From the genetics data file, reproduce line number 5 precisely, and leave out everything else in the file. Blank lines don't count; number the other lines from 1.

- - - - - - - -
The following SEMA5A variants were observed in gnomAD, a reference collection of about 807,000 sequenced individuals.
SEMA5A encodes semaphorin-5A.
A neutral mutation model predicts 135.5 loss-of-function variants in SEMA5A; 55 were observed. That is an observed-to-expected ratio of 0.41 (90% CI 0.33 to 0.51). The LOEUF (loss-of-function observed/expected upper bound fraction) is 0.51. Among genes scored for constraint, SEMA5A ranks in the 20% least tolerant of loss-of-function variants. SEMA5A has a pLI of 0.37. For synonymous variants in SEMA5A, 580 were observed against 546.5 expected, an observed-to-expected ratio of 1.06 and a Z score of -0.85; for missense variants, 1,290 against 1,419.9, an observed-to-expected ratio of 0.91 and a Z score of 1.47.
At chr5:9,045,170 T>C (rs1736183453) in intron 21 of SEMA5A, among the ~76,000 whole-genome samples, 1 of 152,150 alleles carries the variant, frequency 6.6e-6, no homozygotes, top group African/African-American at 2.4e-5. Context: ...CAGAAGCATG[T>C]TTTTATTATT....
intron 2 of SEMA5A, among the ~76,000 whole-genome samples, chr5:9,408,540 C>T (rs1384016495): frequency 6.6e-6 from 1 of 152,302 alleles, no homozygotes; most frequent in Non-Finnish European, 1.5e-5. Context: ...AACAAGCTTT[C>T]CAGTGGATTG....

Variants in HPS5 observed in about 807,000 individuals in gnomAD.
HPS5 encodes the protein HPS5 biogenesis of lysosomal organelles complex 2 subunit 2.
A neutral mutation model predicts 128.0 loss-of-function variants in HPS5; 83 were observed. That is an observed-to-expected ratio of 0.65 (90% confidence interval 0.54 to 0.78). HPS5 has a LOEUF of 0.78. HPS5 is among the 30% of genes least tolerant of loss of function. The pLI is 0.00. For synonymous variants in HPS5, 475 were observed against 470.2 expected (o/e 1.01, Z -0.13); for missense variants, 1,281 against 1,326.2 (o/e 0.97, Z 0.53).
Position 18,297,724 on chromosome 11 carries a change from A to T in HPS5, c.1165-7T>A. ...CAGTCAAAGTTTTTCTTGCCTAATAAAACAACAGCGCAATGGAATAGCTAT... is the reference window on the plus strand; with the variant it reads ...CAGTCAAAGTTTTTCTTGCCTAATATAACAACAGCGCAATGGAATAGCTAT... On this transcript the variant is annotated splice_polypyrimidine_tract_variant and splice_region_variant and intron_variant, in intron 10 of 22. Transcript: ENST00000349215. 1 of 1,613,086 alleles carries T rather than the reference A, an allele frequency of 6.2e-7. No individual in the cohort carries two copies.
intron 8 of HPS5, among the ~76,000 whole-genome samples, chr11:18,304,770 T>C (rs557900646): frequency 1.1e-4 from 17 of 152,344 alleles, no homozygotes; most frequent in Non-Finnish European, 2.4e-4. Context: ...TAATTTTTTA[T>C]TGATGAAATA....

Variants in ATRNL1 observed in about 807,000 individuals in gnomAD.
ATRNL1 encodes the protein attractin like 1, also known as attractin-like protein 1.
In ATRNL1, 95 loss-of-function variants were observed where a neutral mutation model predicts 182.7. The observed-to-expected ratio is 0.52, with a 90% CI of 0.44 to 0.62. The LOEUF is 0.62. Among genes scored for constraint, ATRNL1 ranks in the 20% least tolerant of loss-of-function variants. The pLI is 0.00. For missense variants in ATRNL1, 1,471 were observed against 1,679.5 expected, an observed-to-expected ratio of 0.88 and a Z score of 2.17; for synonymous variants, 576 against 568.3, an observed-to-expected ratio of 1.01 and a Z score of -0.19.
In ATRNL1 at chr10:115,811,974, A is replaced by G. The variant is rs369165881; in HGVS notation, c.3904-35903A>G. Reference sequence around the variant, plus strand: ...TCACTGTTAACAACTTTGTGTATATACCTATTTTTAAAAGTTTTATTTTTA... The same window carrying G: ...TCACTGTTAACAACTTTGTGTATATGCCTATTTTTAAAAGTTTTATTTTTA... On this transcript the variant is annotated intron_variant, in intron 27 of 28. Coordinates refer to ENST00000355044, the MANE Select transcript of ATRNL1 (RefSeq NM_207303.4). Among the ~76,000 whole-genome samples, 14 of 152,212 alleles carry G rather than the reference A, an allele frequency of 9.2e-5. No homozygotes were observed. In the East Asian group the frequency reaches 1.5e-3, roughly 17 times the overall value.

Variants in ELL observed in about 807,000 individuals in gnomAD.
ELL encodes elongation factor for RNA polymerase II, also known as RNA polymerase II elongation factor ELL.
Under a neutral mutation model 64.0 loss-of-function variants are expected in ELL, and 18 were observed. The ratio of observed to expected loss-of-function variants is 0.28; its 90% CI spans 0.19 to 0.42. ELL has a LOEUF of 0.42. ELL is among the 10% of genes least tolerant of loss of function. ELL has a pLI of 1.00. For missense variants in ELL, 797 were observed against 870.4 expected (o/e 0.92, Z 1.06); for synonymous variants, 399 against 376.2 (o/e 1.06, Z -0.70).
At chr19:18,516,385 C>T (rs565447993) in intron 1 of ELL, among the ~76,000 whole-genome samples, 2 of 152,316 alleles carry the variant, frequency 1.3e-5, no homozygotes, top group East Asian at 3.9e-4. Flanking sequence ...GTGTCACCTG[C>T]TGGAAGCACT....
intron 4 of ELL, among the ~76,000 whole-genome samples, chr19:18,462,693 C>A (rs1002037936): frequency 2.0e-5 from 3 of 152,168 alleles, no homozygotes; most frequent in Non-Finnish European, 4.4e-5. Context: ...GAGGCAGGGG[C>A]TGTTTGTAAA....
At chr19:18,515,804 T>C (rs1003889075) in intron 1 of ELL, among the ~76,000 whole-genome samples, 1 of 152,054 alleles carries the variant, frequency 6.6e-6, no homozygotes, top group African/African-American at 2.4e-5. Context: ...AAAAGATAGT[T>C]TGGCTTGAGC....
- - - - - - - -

intron 2 of SEMA5A, among the ~76,000 whole-genome samples, chr5:9,408,540 C>T (rs1384016495): frequency 6.6e-6 from 1 of 152,302 alleles, no homozygotes; most frequent in Non-Finnish European, 1.5e-5. Context: ...AACAAGCTTT[C>T]CAGTGGATTG....